Ethics & Engagement across the Wellcome Trust Major Overseas Programmes
Warm greeting from Vietnam,
I hope you all are staying safe and strong during this challenging time.
In this blog post, I would like to give you an update and share some interesting points during the process of obtaining ethics approval from National Ethics Committee for my project.
For those who are not familiar with my project, it is entitled “Acceptability of integrating qualitative research into medical studies and clinical trials within hospital settings in Ho Chi Minh City”. The study aims to explore the ethical and social challenges associated with qualitative research methods in healthcare settings, from multiple stakeholders’ perspectives and throughout the research process. The study outcomes are expected to inform the policy makers in Vietnam about regulations and requirements for studies using qualitative research methods, including a checklist with required sections for qualitative research protocols, as well as guidance and criteria for qualitative research to take place in healthcare settings. The study protocol was reviewed by the National Ethics Committee of Vietnam in April 2020.
Generally, the Ethics Committee (EC) appreciated the importance of the study. They acknowledged the value of qualitative research methods within clinical research and the challenges that the local ECs might face due to the lack of guidelines and regulations during the review process for studies using qualitative research methods. In terms of the study design, the EC agreed that a mixed method approach is feasible and appropriate to collect data in Vietnam. Despite the positive feedback, the study protocol also received several comments related to the phrase “stakeholders”, the sampling strategy and sample size in the study protocol.
Clarification of the phrase “stakeholders” in the title and objectives of the study is the first main comment from the EC. The EC understood that the stakeholders of qualitative research study do not only include EC members and researchers but also research administration, coordinators and even, participants. However, they indicated that using the phrase “stakeholders” in the title and objectives of the study might not represent clearly the scope of the study. As such, we replaced the phrase “stakeholders” by “ethics committee members and researchers” and added an expanded explanation of who could potentially be enrolled as stakeholders in the protocol.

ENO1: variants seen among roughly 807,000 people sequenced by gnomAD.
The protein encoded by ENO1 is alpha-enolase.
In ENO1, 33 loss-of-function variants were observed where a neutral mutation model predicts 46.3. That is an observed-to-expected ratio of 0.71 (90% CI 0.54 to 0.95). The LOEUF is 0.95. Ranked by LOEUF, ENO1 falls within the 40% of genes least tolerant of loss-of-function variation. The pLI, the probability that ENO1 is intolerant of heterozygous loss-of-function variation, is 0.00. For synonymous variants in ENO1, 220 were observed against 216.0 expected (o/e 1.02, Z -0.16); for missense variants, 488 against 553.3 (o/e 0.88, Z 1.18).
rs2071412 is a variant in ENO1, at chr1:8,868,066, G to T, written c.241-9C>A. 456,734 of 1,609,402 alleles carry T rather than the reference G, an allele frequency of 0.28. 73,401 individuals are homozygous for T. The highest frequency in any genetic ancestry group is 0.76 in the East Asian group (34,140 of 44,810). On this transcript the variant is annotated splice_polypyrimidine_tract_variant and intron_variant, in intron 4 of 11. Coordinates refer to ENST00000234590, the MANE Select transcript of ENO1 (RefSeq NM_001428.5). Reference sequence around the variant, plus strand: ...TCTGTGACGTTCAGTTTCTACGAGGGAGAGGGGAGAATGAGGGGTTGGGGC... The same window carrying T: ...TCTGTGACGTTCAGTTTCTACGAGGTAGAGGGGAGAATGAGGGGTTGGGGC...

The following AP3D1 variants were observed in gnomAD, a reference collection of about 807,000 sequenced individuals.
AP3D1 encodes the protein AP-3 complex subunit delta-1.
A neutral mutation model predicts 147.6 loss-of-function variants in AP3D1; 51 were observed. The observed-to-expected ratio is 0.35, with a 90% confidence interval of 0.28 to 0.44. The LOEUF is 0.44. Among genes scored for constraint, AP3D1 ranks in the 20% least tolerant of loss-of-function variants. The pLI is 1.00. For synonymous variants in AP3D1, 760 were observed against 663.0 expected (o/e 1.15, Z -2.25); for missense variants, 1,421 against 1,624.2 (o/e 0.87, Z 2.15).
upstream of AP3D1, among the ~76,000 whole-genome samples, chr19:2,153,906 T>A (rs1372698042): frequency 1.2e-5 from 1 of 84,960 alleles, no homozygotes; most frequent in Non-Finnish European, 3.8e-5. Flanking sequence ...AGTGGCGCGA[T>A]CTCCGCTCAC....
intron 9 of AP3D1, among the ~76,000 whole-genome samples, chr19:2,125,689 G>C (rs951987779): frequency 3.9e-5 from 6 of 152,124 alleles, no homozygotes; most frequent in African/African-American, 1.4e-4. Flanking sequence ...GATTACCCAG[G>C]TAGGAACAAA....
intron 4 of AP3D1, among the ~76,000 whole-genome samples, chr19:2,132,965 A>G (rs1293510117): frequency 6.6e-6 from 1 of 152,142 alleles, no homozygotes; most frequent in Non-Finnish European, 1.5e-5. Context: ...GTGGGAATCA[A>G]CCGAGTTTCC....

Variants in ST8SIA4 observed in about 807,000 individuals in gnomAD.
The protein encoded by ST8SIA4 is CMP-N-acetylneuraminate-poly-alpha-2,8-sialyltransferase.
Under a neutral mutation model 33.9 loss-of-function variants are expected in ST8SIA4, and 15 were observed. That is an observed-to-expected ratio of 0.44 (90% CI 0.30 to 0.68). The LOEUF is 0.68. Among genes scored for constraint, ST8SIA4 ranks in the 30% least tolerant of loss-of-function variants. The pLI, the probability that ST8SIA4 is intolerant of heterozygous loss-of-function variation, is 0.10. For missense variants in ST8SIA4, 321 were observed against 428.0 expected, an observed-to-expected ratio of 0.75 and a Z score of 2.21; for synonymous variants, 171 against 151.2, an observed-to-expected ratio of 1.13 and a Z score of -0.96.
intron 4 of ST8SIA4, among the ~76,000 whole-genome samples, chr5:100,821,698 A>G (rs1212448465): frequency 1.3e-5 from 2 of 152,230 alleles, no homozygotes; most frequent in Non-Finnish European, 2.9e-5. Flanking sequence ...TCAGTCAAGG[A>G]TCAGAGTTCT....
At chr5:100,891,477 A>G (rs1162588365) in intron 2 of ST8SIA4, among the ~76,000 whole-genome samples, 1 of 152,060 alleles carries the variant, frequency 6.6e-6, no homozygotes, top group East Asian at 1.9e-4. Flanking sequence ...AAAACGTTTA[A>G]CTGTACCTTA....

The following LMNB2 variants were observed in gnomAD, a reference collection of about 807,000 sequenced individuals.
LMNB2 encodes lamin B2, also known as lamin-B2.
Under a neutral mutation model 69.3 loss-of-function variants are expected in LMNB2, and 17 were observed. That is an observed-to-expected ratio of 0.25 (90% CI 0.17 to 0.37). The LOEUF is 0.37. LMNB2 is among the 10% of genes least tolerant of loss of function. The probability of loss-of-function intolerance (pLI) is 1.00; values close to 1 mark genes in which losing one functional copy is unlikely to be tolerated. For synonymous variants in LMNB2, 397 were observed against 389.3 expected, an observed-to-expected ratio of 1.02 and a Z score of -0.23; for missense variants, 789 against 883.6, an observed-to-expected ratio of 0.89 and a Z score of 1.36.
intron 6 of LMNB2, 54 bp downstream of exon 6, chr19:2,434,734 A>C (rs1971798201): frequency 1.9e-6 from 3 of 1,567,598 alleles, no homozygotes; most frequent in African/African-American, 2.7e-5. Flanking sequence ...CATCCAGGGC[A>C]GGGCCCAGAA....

The second main comments were about sampling and sample size of the study. In the protocol, we proposed to conduct the sudy at study sites having independent IRB/EC functioning to review clinical trials and other types of research in healthcare settings in Vietnam, with the focus on hospitals at different levels. The EC suggested that we consider involving medical universities and institutes in the sample size because they also have independent IRB/EC to review biomedical research. To respond, we agreed that we would start by identifying whether the IRBs/ECs from medical and public health universities review studies with qualitative research methods integrated within clinical research, and then decide how to involve them in the study as appropriate. We would also use snowball sampling to identify potential participants within the IRBs/ECs that might not be enrolled as study sites. Additionally, the EC suggested that we should also add other stakeholders (e.g: healthcare providers, patients and their relatives) as study participants. As the study focus on the perspectives of ethics committees members and the participation of study subjects in the review process for health related studies in Vietnam is not regulated clearly, we decide to not include these additional stakeholders at this time. However, we will discuss the the roles of research participants in the ethical review process with EC members and researchers during data collection.
Despite the delays in the process of obtaining ethics approval due to the impacts of COVID-19 pandemic, the study received ethics approval on August, 2020. Currently, we are engaging and building relationships with hospitals to prepare for data collection. I will update again after starting data collection.
Add a Comment